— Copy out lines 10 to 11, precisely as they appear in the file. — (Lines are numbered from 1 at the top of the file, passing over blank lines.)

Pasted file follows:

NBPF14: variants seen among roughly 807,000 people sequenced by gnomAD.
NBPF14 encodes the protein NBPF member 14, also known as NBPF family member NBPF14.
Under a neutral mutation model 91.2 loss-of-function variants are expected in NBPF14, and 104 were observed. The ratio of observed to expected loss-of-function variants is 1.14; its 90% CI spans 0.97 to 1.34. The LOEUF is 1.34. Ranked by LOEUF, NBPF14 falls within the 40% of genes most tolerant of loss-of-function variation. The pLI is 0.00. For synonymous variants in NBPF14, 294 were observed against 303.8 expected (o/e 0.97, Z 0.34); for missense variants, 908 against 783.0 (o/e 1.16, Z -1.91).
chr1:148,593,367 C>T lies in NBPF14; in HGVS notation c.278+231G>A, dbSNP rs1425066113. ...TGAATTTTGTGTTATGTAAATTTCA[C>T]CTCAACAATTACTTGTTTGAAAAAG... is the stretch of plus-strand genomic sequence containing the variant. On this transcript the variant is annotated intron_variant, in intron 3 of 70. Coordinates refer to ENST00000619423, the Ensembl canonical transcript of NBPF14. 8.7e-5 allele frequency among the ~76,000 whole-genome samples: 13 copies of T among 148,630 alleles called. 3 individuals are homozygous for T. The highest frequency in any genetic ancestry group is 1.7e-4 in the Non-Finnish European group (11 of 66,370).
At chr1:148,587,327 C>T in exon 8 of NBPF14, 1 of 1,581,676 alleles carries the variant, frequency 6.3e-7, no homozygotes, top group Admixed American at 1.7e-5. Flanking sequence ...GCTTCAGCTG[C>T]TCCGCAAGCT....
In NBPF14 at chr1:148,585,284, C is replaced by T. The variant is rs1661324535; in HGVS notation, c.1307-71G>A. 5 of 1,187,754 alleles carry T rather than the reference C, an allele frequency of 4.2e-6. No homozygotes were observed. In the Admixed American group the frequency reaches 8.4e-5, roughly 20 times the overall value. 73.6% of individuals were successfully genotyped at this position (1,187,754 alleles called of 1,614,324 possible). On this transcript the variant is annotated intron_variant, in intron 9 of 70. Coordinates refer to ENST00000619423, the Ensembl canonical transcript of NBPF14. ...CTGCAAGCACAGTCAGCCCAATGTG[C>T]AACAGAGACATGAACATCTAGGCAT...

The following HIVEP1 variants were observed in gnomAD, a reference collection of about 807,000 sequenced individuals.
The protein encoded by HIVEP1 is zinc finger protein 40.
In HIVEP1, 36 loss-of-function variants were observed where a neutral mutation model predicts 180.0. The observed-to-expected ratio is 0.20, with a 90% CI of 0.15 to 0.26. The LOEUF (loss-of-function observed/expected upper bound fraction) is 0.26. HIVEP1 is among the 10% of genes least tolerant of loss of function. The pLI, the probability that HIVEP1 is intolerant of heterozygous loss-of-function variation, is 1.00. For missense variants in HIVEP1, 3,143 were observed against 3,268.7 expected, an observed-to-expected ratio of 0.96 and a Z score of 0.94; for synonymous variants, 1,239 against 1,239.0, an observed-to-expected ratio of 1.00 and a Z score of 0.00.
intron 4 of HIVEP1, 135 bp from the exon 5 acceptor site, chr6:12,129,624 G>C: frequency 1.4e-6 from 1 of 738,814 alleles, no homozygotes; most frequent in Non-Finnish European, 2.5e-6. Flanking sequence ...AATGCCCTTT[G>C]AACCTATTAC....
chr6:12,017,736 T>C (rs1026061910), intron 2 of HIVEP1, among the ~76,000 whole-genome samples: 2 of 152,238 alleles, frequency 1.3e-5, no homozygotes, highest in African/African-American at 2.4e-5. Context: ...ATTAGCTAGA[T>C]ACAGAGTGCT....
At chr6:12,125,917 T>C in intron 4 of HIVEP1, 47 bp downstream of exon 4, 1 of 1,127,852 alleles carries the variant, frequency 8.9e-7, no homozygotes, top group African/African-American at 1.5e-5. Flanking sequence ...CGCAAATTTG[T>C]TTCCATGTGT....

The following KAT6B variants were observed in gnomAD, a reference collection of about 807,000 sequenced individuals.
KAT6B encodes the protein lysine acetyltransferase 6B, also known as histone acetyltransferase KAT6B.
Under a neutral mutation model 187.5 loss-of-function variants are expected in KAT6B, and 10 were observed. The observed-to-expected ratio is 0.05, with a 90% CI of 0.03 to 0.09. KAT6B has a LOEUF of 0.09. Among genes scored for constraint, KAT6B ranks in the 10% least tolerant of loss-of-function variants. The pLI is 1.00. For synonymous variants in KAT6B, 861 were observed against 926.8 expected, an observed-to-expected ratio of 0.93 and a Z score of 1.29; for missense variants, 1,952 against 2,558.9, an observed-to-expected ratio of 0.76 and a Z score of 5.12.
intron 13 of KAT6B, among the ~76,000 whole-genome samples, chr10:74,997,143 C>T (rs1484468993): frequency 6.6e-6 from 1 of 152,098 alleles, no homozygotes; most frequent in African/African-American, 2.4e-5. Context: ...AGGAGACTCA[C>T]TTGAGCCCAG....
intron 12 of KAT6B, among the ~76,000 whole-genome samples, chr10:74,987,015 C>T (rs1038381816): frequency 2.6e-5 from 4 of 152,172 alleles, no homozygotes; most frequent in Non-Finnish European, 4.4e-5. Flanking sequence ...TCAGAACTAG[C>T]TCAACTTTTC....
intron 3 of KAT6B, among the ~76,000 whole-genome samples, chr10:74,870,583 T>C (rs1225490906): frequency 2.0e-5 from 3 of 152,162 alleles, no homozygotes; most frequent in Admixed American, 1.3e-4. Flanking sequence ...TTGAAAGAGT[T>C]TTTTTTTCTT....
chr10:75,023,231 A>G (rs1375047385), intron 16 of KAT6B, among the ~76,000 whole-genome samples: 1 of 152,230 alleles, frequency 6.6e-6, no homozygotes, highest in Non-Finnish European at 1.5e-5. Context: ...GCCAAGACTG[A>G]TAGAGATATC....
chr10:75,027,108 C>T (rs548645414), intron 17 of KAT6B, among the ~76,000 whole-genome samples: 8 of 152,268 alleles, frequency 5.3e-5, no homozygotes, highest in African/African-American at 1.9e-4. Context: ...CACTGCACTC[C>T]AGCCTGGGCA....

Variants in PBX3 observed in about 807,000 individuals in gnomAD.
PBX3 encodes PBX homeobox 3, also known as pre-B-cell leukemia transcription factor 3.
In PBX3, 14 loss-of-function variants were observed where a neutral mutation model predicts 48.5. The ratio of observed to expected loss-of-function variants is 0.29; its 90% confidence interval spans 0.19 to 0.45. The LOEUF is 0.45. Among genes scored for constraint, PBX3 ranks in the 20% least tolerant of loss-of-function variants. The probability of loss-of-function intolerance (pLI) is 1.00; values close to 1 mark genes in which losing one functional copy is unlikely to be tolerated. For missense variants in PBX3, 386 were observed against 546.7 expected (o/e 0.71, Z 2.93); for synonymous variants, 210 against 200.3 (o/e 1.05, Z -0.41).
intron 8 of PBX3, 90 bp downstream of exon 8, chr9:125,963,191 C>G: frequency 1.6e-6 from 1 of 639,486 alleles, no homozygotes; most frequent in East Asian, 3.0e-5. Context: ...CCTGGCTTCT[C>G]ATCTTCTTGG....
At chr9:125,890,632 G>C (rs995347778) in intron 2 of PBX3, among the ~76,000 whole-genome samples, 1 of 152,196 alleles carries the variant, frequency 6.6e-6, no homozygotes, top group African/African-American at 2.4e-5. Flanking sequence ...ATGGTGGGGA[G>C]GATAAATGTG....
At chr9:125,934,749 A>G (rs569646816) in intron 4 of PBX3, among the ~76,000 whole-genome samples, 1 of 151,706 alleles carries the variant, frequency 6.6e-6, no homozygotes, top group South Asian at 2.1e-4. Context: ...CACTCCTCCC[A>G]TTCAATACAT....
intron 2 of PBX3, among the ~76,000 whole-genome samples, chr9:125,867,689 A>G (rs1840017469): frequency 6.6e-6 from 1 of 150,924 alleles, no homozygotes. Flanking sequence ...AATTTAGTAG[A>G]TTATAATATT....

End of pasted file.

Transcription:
intron 4 of HIVEP1, 135 bp from the exon 5 acceptor site, chr6:12,129,624 G>C: frequency 1.4e-6 from 1 of 738,814 alleles, no homozygotes; most frequent in Non-Finnish European, 2.5e-6. Flanking sequence ...AATGCCCTTT[G>C]AACCTATTAC....
chr6:12,017,736 T>C (rs1026061910), intron 2 of HIVEP1, among the ~76,000 whole-genome samples: 2 of 152,238 alleles, frequency 1.3e-5, no homozygotes, highest in African/African-American at 2.4e-5. Context: ...ATTAGCTAGA[T>C]ACAGAGTGCT....